King Hing Theatre

649 North Spring Street,
Los Angeles, CA 90012

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Vacant since 1996, this house (referred to in some texts as the Hui Ken International Corp.) may be part of the downtown Los Angeles revival due to Quentin Tarantino’s desire to reopen the theatre and show Chinese and related films. Built in the 1960s, the Los Angeles Downtown News reports that “the owner will absorb the costs of bringing the structure up to code, and Tarantino will pay for refurbished sound and projection systems.

In addition to the theater, Tarantino will have access to hundreds of Chinese films, some little-seen classics, that are stored on the property and belong to the theater’s owner. Tarantino has agreed to catalog them, and restore them if he chooses to screen them."

By early-2009, no progress had been made on begining a restoration, and the building is empty and unused.

Contributed by MagicLantern

Recent comments (view all 10 comments)

WHong
WHong on January 30, 2005 at 9:40 pm

When is Quentin going to reopen it?

djtt
djtt on March 30, 2006 at 12:38 pm

Is there any recent news on this? It appears that nothing is going on there. Anybody?

djtt
djtt on March 30, 2006 at 12:43 pm

After I posted my question, I found this on another msg board (lottaliving):

“I just called the L.A. Chinatown Business Improvement District, and they said that the King Hing Movie Theatre(formerly Sing Lee Theatre) is renovating now and will open soon.” (dated Jan. 06)

quaco
quaco on August 12, 2006 at 12:31 pm

It’s possible to peek through the blinds and see that there are a bunch of canisters stacked up on top of each other in the front room. I’m sure the sunlight and fluctuations in temperature are not good for the films. I hope the renovation happens soon. In the meantime, maybe the films should be stored better? If anyone has any way of getting a message to the owner or Mr. Tarantino….

WHong
WHong on May 5, 2007 at 7:58 pm

Did any of you go to Quentin Tarantino’s Grindhouse Film Festival ‘07 at the Beverly Cinema? That took place last March to May 1, 2007. if you did, then did you ask QT about the status of the King Hing theatre?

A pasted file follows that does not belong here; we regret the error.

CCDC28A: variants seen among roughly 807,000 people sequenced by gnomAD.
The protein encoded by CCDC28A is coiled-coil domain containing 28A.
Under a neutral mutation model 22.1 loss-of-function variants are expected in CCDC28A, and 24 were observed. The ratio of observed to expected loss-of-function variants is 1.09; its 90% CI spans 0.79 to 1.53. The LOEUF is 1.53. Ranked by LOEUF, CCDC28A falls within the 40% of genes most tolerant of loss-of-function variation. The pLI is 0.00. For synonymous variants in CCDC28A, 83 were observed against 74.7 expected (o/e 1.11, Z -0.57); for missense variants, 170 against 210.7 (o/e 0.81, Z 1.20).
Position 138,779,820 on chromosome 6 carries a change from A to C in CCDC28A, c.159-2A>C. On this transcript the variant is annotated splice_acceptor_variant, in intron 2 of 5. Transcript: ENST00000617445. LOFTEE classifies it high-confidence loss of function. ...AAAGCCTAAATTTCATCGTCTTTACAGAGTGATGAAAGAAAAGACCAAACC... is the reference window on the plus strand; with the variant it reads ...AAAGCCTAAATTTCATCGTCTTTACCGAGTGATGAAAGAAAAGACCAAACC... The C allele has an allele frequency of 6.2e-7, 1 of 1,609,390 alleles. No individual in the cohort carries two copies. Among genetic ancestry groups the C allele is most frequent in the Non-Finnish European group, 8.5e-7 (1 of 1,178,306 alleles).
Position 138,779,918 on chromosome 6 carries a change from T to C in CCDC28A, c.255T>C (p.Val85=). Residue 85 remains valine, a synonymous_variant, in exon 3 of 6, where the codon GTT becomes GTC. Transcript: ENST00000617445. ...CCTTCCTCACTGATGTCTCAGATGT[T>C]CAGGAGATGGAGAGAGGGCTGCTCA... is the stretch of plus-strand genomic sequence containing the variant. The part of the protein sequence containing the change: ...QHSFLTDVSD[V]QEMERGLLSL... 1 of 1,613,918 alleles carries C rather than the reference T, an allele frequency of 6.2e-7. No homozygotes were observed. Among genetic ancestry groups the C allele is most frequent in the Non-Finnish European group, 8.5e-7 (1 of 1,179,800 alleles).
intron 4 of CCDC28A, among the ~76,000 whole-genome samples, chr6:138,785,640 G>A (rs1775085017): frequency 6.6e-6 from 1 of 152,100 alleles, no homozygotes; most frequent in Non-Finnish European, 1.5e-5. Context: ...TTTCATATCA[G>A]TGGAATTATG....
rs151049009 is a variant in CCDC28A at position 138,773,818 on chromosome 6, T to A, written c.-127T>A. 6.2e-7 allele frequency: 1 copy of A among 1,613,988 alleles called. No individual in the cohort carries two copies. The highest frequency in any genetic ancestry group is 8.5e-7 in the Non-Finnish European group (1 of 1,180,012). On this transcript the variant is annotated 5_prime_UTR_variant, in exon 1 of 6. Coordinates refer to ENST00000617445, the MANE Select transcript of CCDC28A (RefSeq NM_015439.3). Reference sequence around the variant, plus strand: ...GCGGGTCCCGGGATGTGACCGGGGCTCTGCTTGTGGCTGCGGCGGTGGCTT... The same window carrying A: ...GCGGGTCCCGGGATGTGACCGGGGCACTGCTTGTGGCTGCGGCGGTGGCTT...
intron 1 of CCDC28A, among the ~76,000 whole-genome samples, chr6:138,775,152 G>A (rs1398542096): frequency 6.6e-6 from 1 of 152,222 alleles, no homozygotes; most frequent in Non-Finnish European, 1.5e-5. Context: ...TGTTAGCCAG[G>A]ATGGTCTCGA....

reluctantpopstar
reluctantpopstar on May 6, 2007 at 12:45 am

Went to several nights of the Grindhouse Fest, which was SO GREAT, but unfortunately I missed Quentin. I heard that he did show up 2 or 3 times, but it was a long festival, every night for almost two months.

WHong
WHong on May 6, 2007 at 10:53 am

I wish that I could’ve been there for the Grindhouse Fest, but i missed it. It did sound like it was great like you said, ScottS, but I couldn’t go. For some strange reason, I’ve ACTUALLY HEARD OF most of the movies in Quentin’s Grindhouse Fest. Like for example, I’ve heard of these movies from memories of L.A. Times ads, TV, etc.:

“Screams of a Winter Night(what I heard about this movie, although I don’t know if it’s actually a good or bad movie, is that the only famous person involved w/ this was a cameo by the young actor who played the hero in 1985’s "Fright Night”)"

“Wonder Women"
A very strange movie that I barely remember from L.A. area TV. I guess that "WW” is just another ripoff of the James Bond movies. I remember this having a very strange ending, also. And unless actress Lynda Carter was not really that big of a star back then or if you’re not a comic book fan, then you’d WONDER or be confused. For one thing, I wonder if DC Comics knew about the use of that movie title. I guess that doesn’t matter since “Wonder Women” is a very unknown movie, starring Nancy Kwan(also unknown except to we Chinese?).

kencmcintyre
kencmcintyre on February 6, 2009 at 5:30 pm

It still looks vacant. I guess Quentin Tarantino let us down.

Jamoorea
Jamoorea on December 2, 2014 at 11:42 pm

This theater is in danger of being demolished right now (12/2014). The owner is in negotiations with a developer to level this whole block to build yet another apartment tower with retail on the street level. This is the last remaining historic Chinese language theater in Los Angeles and along with the adjacent buildings (all built in the late 1800s) are a valuable part of the cities historic core and should be saved. Please add your voice to help save this historic property.

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